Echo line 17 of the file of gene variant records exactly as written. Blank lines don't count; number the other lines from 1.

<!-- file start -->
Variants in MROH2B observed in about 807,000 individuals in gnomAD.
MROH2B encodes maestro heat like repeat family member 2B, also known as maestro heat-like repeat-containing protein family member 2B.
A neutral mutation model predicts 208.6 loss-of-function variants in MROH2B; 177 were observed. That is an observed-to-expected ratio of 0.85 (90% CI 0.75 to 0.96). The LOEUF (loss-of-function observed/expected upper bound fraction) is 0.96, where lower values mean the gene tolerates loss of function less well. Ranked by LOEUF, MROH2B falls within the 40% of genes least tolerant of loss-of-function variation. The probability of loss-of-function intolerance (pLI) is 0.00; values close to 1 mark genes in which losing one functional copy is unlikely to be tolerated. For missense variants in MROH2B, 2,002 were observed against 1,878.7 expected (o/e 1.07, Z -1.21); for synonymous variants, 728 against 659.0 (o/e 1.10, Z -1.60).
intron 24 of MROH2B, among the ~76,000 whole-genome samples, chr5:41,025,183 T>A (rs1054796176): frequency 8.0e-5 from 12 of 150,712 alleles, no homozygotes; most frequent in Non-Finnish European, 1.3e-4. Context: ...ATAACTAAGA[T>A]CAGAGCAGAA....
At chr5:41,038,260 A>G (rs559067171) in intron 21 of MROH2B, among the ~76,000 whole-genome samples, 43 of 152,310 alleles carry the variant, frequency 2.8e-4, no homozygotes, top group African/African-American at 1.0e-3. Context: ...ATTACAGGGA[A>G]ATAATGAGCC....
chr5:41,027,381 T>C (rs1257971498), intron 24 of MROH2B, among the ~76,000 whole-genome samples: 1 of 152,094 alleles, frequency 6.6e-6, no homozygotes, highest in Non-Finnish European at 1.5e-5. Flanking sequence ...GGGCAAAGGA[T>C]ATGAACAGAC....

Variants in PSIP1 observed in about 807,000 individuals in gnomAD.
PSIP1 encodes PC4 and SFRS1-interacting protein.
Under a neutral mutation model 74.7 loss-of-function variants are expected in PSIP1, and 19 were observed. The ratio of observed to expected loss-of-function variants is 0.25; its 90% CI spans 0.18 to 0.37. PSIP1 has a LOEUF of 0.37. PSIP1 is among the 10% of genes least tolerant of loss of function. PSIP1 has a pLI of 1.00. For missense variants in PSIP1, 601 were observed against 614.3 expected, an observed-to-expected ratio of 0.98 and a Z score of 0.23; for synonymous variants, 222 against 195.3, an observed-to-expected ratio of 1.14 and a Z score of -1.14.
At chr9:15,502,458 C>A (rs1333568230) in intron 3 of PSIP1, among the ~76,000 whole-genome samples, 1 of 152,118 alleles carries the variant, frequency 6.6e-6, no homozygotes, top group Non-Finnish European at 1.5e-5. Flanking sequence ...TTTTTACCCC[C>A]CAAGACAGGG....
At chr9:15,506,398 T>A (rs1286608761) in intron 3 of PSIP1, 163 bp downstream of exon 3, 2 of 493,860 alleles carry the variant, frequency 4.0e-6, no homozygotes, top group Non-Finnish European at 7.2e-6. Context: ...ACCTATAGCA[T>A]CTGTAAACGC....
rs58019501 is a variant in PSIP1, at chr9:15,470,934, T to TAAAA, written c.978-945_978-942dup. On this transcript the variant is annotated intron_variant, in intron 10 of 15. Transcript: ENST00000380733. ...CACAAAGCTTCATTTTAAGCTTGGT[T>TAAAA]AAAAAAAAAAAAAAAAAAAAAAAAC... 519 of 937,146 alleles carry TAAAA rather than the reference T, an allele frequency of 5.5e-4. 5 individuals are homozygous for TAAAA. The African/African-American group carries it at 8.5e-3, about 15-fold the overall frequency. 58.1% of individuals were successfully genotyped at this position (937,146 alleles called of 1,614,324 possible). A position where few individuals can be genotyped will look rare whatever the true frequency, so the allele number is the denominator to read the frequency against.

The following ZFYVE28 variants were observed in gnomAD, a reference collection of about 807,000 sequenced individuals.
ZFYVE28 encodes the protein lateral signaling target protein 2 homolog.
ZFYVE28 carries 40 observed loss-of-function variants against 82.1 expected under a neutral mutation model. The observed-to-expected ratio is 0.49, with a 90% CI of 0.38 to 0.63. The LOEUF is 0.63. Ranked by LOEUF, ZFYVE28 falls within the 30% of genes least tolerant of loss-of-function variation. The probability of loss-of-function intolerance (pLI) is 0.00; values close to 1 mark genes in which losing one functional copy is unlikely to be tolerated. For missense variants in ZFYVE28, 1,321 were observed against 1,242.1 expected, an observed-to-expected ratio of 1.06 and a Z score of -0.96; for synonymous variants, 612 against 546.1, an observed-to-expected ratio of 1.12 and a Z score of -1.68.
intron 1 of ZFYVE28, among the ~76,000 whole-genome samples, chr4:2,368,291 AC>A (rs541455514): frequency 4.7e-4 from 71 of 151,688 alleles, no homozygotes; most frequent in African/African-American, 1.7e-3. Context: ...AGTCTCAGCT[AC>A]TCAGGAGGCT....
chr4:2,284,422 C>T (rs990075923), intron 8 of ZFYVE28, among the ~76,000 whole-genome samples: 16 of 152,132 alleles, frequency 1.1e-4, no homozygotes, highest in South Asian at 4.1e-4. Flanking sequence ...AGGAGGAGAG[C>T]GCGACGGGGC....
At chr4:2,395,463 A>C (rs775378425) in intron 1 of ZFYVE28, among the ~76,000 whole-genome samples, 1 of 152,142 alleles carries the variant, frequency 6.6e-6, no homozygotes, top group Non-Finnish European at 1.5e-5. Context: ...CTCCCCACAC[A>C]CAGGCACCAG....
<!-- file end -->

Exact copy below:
chr4:2,284,422 C>T (rs990075923), intron 8 of ZFYVE28, among the ~76,000 whole-genome samples: 16 of 152,132 alleles, frequency 1.1e-4, no homozygotes, highest in South Asian at 4.1e-4. Flanking sequence ...AGGAGGAGAG[C>T]GCGACGGGGC....